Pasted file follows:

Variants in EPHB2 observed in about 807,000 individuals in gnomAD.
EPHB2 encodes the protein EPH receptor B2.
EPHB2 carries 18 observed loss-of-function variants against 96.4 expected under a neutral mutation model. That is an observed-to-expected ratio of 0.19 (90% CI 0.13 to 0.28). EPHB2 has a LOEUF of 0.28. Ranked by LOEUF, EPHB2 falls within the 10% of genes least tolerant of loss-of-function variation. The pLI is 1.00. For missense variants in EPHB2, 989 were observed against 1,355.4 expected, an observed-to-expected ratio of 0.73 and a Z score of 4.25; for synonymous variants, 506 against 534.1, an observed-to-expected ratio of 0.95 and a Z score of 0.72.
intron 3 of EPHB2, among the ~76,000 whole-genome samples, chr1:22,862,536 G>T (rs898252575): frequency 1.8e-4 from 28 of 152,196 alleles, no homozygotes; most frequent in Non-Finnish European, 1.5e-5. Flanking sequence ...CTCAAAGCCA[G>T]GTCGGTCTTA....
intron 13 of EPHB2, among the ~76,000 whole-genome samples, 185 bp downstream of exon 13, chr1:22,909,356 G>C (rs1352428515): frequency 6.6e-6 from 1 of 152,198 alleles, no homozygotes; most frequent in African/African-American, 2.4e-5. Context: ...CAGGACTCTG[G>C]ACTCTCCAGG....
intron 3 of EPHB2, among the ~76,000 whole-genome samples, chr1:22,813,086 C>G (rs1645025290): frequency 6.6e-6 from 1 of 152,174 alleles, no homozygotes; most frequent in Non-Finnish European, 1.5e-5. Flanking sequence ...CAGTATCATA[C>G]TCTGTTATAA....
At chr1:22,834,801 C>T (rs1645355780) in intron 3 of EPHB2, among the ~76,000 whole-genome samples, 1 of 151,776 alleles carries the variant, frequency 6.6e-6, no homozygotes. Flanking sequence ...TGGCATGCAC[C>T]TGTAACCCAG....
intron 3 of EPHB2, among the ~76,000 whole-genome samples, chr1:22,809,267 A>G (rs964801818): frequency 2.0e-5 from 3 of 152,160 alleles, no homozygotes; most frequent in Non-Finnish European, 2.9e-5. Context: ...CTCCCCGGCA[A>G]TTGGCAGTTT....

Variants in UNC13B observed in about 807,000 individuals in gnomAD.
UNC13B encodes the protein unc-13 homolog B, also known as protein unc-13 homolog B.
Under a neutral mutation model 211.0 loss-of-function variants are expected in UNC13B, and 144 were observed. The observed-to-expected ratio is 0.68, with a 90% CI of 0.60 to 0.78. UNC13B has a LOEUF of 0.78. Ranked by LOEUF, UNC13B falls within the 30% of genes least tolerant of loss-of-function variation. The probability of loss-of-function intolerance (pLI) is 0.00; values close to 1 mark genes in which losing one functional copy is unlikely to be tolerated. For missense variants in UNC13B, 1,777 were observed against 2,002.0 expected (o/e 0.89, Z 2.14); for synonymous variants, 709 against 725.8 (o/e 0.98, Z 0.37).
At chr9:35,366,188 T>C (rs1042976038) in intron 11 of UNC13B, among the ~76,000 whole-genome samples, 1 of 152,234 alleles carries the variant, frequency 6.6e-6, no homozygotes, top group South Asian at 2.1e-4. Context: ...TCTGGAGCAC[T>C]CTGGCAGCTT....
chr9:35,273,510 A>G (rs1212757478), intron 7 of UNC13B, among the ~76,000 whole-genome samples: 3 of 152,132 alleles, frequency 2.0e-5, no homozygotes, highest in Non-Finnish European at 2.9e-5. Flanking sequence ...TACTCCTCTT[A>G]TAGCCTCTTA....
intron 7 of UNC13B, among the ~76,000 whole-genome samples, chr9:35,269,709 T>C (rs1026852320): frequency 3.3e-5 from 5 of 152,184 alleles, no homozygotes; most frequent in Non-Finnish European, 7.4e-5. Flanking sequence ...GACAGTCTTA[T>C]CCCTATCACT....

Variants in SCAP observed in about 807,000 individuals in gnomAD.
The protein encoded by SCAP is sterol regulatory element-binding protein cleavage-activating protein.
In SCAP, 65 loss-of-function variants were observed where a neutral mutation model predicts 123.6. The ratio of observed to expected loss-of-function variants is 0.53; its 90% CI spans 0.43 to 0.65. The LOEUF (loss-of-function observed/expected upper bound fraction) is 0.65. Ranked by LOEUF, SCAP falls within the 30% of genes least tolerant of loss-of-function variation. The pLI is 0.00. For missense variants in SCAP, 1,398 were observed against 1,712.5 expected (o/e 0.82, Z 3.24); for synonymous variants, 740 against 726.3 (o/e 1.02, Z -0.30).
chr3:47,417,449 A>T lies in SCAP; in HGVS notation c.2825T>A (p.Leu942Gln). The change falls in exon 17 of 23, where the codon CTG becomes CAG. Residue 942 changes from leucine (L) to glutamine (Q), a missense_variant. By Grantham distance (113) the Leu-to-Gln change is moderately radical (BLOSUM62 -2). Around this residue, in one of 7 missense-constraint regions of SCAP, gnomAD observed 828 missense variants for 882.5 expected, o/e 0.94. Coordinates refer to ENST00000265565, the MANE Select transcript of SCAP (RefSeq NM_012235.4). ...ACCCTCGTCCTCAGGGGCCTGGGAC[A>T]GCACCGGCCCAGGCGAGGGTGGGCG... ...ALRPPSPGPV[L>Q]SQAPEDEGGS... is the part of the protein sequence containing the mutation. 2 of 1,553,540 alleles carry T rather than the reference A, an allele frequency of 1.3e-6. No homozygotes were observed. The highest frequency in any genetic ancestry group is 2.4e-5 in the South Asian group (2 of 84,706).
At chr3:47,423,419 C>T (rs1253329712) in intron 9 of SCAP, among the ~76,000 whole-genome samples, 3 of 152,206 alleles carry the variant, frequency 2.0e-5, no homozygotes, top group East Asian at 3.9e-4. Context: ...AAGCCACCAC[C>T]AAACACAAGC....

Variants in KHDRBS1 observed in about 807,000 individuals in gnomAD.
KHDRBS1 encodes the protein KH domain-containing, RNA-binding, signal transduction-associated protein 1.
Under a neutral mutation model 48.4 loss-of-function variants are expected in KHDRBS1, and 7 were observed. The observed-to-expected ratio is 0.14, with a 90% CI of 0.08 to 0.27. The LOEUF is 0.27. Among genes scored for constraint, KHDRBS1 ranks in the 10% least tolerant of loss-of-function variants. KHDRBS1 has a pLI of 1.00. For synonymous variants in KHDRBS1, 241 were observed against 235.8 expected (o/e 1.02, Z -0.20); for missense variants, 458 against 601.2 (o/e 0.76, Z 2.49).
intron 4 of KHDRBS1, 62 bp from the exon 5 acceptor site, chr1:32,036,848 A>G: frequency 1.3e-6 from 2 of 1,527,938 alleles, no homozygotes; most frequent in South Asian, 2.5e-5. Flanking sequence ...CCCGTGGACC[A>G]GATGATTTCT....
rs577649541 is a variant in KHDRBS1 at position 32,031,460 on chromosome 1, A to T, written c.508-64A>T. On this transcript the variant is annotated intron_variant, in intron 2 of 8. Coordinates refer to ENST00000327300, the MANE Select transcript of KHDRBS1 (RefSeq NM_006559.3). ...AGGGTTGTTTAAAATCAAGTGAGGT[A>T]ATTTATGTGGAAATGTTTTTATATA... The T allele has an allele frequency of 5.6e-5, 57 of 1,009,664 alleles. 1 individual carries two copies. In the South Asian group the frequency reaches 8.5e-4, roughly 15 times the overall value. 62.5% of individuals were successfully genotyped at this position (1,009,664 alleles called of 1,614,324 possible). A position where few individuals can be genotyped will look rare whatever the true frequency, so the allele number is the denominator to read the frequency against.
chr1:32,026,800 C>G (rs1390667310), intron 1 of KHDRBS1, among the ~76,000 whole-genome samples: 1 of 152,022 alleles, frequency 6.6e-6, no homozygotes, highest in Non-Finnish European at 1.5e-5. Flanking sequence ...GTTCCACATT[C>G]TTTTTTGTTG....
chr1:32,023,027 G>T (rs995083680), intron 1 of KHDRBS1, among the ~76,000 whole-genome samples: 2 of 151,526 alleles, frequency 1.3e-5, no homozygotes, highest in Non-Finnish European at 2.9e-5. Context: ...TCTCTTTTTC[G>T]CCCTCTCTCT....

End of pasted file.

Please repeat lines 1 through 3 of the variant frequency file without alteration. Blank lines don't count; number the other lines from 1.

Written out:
Variants in EPHB2 observed in about 807,000 individuals in gnomAD.
EPHB2 encodes the protein EPH receptor B2.
EPHB2 carries 18 observed loss-of-function variants against 96.4 expected under a neutral mutation model. That is an observed-to-expected ratio of 0.19 (90% CI 0.13 to 0.28). EPHB2 has a LOEUF of 0.28. Ranked by LOEUF, EPHB2 falls within the 10% of genes least tolerant of loss-of-function variation. The pLI is 1.00. For missense variants in EPHB2, 989 were observed against 1,355.4 expected, an observed-to-expected ratio of 0.73 and a Z score of 4.25; for synonymous variants, 506 against 534.1, an observed-to-expected ratio of 0.95 and a Z score of 0.72.